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Life cycle assessment of the environmental influence of wooden and concrete utility poles based on service lifetime

de Simone Souza, Hugo Henrique, Lima, Ângela Maria Ferreira, Esquerre, Karla Oliveira, Kiperstok, Asher
The international journal of life cycle assessment 2017 v.22 no.12 pp. 2030-2041
Monte Carlo method, chromated copper arsenate, concrete, electricity, environmental assessment, environmental impact, environmental performance, life cycle assessment, raw materials, uncertainty, utility poles, wood poles, wood preservatives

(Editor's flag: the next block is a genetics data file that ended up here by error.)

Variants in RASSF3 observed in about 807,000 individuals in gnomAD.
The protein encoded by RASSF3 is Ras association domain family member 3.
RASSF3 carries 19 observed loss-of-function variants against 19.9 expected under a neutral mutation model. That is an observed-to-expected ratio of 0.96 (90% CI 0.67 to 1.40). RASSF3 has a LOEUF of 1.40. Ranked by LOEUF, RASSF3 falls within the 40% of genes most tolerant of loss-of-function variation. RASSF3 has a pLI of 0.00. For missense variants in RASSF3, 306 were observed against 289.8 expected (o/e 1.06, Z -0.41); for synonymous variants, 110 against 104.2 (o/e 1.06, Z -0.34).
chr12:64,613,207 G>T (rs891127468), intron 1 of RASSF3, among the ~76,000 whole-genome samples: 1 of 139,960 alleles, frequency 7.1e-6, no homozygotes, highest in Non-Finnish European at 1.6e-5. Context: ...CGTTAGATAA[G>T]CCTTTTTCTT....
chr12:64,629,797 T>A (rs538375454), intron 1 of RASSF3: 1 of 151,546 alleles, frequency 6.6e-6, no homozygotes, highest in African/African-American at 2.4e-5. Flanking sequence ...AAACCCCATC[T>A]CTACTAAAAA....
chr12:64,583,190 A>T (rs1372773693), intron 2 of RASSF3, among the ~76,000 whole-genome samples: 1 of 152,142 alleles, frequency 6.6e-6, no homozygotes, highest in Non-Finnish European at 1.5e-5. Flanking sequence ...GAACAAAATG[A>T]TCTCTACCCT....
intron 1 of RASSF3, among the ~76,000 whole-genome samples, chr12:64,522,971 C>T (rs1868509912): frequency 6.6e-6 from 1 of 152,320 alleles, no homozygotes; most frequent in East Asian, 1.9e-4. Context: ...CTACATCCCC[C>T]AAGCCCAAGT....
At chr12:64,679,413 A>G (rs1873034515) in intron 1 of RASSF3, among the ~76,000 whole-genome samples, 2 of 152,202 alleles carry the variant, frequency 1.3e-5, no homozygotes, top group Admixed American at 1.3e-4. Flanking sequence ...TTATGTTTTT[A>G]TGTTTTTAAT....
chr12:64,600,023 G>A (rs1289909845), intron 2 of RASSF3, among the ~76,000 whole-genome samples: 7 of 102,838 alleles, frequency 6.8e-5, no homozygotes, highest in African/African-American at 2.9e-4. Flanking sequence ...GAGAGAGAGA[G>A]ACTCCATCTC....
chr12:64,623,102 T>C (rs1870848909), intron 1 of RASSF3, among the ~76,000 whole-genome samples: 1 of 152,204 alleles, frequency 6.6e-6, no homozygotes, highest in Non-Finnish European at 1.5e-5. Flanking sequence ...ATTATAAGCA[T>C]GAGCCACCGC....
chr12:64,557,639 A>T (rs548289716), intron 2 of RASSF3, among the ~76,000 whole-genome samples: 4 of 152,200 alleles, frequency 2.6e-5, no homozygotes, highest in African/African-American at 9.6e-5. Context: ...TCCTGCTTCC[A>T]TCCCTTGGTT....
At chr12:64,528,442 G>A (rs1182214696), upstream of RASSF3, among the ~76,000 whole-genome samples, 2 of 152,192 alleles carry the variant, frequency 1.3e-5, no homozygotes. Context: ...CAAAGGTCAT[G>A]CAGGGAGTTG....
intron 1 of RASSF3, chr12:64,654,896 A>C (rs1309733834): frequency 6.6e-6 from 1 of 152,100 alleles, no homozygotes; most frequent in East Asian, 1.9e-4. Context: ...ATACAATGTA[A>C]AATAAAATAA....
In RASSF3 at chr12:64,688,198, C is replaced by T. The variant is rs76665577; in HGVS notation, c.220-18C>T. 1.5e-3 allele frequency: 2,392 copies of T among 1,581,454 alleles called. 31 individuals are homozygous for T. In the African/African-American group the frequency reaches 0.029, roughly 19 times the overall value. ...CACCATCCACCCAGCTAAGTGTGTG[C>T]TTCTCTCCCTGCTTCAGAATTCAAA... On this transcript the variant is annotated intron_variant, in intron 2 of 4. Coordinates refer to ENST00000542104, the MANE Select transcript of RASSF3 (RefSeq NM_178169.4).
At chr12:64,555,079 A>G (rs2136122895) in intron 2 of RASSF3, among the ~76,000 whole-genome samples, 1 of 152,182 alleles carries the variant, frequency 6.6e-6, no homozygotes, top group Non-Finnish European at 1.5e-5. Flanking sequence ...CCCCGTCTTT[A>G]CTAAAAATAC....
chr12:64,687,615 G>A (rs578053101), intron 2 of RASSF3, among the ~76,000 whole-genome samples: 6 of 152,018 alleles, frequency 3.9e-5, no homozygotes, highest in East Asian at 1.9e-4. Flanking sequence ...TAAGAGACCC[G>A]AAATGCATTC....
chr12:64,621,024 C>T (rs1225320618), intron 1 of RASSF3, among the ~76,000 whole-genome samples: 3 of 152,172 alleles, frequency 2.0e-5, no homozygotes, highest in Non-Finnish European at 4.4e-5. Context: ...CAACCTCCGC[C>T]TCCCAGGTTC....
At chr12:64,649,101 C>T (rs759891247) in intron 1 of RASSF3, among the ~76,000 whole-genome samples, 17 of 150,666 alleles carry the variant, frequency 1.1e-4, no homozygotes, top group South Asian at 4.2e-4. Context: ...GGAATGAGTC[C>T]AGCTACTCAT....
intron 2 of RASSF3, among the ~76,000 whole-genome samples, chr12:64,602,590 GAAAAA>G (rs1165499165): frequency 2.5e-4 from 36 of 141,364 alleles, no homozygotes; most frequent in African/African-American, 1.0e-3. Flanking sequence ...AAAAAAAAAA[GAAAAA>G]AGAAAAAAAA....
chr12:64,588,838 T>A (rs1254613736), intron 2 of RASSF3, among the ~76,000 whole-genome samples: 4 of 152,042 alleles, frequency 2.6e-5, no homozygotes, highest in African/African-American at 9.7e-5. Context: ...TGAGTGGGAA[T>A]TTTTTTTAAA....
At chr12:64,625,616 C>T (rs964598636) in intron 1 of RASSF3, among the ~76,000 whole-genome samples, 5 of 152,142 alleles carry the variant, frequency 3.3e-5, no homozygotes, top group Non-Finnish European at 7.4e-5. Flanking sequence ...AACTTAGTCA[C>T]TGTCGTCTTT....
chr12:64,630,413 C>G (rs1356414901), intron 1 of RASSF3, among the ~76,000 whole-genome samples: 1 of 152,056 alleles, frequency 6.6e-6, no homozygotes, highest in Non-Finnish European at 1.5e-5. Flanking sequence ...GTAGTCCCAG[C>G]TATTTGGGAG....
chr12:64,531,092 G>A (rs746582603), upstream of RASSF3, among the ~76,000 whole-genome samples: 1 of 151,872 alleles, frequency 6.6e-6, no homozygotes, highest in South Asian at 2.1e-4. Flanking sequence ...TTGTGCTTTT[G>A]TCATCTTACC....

PURPOSE: Many applications of life cycle assessment do not consider the variability of the service lifetime of different structures, and this may be a relevant factor in an environmental impact assessment. This paper aims to determine the influence of the service lifetime on the potential environmental impacts of wooden and concrete poles in the electricity distribution system. METHODS: The estimation of service lifetime was conducted using the factorial method. The life cycle assessment was applied using SimaPro software and considered the entire life cycle of utility poles, from the extraction of raw materials to the final disposal. Then, an evaluation of the environmental impacts using the CML IA baseline method was performed. The study included the analysis of uncertainty using the Monte Carlo method. RESULTS AND DISCUSSION: In general, the wooden poles had a lower potential environmental impact compared to the concrete poles. The result of the sensitivity analysis considering the variability of the chromated copper arsenate wood preservative retention rate suggests that the frequency of maintenance affects the service lifetime. Often, the comparison of products in the LCA perspective is carried out by considering similar useful lifetime services for the different alternatives, and this study shows that the environmental performance of products or services is directly proportional to the lifetime. It is a crucial parameter that has to be clarified in order to reduce uncertainty in the results. CONCLUSIONS: Thus, some factors such as material quality, design adjustments and routine maintenance extend the service lifetime of a product or process and are shown to be effective ways to reduce environmental impacts. Therefore, the service lifetime has a significant influence on the development of the life cycle assessment. Comparative LCA studies are often sensitive to parameters that may even change the ranking of selected impact categories. All in all, from the sensitivity analysis highlighted in this study, the variability of lifetime service has proven to be one of the most prominent factors influencing comparative LCA results.